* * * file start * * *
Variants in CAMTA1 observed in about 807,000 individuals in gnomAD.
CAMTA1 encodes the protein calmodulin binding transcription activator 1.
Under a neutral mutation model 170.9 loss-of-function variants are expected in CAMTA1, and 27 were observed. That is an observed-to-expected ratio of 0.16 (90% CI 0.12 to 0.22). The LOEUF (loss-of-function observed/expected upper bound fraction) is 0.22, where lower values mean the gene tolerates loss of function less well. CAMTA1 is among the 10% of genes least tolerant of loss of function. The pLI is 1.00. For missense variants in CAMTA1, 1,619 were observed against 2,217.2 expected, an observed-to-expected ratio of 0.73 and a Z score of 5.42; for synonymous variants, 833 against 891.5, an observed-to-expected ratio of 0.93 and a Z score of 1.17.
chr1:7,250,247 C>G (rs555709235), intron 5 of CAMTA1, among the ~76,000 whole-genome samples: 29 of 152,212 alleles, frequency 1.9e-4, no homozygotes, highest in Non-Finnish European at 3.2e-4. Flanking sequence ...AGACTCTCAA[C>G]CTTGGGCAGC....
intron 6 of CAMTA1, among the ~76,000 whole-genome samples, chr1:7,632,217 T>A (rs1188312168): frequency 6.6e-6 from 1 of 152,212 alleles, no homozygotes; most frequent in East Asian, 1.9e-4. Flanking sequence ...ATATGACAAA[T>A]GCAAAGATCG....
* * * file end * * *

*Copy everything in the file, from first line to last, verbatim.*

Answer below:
Variants in CAMTA1 observed in about 807,000 individuals in gnomAD.
CAMTA1 encodes the protein calmodulin binding transcription activator 1.
Under a neutral mutation model 170.9 loss-of-function variants are expected in CAMTA1, and 27 were observed. That is an observed-to-expected ratio of 0.16 (90% CI 0.12 to 0.22). The LOEUF (loss-of-function observed/expected upper bound fraction) is 0.22, where lower values mean the gene tolerates loss of function less well. CAMTA1 is among the 10% of genes least tolerant of loss of function. The pLI is 1.00. For missense variants in CAMTA1, 1,619 were observed against 2,217.2 expected, an observed-to-expected ratio of 0.73 and a Z score of 5.42; for synonymous variants, 833 against 891.5, an observed-to-expected ratio of 0.93 and a Z score of 1.17.
chr1:7,250,247 C>G (rs555709235), intron 5 of CAMTA1, among the ~76,000 whole-genome samples: 29 of 152,212 alleles, frequency 1.9e-4, no homozygotes, highest in Non-Finnish European at 3.2e-4. Flanking sequence ...AGACTCTCAA[C>G]CTTGGGCAGC....
intron 6 of CAMTA1, among the ~76,000 whole-genome samples, chr1:7,632,217 T>A (rs1188312168): frequency 6.6e-6 from 1 of 152,212 alleles, no homozygotes; most frequent in East Asian, 1.9e-4. Flanking sequence ...ATATGACAAA[T>A]GCAAAGATCG....